The robbery bid in Chennai by an engineering student with a Taser gun should have set the alarm bells ringing among law-enforcers. Even if it was a botched attempt that landed the student amid a bloodthirsty mob—that is, no robbery per se was committed—the incident should be an eye-opener as an electroshock weapon was found to have been used to commit a crime, for the first time.
Taser is a hand-held device that can administer electric shock to incapacitate the victim instantly. Though it isn’t much popular in India, even among the various law enforcing agencies as in other countries, it can be bought online. But preliminary investigation into the Chennai incident revealed the student had picked it from a local electronic shop. However he procured it; the highly dangerous weapon was easily available to a youth who badly needed money. Taser is dangerous for the shock it administers can cause irreversible harm to the human body and can even kill if the shock crosses a threshold.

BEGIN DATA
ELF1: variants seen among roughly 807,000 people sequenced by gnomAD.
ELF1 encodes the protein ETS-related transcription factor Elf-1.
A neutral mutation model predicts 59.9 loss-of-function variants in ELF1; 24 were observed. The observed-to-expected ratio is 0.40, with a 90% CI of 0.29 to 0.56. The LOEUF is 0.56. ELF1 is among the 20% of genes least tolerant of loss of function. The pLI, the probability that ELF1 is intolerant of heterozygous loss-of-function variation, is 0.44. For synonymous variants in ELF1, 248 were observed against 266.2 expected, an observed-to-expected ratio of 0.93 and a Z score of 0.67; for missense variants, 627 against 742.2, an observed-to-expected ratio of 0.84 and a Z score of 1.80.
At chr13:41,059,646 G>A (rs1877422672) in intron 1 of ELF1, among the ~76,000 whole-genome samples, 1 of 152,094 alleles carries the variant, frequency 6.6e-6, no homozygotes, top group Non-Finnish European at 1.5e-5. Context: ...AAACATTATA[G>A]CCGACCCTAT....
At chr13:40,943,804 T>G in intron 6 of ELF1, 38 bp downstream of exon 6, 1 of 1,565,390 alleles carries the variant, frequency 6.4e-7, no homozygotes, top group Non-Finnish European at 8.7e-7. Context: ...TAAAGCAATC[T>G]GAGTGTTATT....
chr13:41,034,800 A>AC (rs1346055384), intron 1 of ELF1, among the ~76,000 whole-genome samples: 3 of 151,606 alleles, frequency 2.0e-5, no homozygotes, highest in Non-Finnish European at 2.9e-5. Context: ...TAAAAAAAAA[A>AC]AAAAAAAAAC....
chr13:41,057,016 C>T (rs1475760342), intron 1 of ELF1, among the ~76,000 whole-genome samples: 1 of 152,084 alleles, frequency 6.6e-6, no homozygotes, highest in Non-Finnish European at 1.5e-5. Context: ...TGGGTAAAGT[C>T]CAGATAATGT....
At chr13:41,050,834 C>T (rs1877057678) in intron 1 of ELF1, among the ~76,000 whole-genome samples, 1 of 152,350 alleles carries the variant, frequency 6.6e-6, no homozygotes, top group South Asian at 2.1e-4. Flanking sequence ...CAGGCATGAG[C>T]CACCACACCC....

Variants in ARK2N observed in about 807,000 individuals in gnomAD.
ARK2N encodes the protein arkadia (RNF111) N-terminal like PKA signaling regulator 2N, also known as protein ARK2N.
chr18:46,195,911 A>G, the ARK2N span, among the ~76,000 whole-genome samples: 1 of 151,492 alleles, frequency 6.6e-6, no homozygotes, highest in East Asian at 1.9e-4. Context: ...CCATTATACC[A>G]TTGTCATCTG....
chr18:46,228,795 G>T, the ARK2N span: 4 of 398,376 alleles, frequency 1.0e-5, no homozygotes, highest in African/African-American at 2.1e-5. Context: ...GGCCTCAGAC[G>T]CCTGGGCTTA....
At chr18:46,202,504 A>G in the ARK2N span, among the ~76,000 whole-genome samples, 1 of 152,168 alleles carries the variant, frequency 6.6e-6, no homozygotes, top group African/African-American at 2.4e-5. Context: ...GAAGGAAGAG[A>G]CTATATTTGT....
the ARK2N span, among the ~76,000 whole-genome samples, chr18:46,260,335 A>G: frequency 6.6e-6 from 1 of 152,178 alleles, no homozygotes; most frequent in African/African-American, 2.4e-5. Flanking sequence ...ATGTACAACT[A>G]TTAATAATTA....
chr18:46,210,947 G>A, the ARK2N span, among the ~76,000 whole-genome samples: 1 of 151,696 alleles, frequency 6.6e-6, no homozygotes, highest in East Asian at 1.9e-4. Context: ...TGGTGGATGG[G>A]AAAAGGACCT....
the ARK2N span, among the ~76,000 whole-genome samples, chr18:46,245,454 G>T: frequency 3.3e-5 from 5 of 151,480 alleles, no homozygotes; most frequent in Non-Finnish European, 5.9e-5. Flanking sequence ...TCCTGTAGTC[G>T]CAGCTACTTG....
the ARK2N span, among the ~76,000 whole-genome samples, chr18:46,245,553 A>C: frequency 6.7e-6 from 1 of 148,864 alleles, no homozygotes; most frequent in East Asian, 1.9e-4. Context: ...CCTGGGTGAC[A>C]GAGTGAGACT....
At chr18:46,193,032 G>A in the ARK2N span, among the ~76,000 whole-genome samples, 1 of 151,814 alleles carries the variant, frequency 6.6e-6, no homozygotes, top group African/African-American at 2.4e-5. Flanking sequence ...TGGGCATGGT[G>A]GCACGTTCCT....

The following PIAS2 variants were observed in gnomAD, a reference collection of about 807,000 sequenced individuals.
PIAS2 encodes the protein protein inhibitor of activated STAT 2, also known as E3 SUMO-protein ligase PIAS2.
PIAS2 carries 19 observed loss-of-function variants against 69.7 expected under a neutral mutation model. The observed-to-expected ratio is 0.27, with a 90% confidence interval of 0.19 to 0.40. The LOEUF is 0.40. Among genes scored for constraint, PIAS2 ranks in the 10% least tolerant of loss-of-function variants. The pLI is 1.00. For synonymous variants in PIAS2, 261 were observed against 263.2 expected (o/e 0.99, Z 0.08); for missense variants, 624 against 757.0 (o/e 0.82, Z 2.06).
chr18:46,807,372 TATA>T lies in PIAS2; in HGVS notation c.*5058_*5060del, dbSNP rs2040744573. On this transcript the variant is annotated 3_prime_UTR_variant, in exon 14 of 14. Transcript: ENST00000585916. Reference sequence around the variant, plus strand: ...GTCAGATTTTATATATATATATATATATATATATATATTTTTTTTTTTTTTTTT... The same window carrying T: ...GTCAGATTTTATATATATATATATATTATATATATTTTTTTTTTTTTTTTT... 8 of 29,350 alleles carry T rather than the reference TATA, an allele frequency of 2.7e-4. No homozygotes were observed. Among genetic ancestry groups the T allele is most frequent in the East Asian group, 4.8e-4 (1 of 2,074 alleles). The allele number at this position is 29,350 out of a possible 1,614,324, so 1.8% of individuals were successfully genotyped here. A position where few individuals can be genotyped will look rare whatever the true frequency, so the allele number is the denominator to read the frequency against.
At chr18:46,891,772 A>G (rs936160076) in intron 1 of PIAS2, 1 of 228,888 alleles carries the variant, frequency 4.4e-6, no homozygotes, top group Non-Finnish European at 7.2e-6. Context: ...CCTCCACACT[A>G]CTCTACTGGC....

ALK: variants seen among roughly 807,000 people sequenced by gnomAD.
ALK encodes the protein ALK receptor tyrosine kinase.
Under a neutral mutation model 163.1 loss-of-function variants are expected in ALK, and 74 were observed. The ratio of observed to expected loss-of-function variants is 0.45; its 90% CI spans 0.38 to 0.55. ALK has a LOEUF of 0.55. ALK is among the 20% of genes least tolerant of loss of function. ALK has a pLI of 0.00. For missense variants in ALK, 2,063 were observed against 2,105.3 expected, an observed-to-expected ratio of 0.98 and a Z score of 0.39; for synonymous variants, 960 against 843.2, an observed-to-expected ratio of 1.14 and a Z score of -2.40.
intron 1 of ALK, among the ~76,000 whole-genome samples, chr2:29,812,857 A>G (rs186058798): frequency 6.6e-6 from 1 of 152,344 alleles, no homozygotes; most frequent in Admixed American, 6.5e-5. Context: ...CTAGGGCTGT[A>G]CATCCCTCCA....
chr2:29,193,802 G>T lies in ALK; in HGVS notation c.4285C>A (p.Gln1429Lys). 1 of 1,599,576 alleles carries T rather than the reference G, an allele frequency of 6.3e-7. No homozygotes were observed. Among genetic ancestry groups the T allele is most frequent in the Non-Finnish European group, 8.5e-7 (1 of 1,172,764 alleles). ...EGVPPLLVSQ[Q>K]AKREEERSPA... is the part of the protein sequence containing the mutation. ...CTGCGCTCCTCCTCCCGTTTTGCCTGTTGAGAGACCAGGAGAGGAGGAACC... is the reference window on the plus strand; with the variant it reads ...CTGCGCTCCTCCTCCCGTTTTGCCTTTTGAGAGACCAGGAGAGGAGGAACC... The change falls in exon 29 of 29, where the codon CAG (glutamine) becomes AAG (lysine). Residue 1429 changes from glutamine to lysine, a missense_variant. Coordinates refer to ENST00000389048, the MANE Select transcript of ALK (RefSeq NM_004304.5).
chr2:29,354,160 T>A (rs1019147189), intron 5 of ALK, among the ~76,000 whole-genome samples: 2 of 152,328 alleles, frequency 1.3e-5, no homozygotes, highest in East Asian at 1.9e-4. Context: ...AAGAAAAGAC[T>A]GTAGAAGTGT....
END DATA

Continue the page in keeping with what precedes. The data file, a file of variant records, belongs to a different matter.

While the 74-year-old grocery shop owner, who may have earned the distinction of being the first victim of a Taser gun attack in India, was lucky to recover from the shock and raise an alarm even before the attacker managed to remove her golden ear studs, it could have been fatal. The incident revealed two things. One, it is the criminally inclined who harness technological advancement effectively for diabolic schemes more than ordinary people. Two, the technologically inclined have started viewing crime as an alternative route to pelf, which is more frightening than being targetted by a Taser. Even records prove that educated youth are taking to petty and serious crimes, of late, and knowledge in science and technology enables them to pick and misuse scientific gadgets. That places an additional burden on the police: to be scientifically updated and keep abreast of the technological innovations if they wish to be a step ahead of criminals.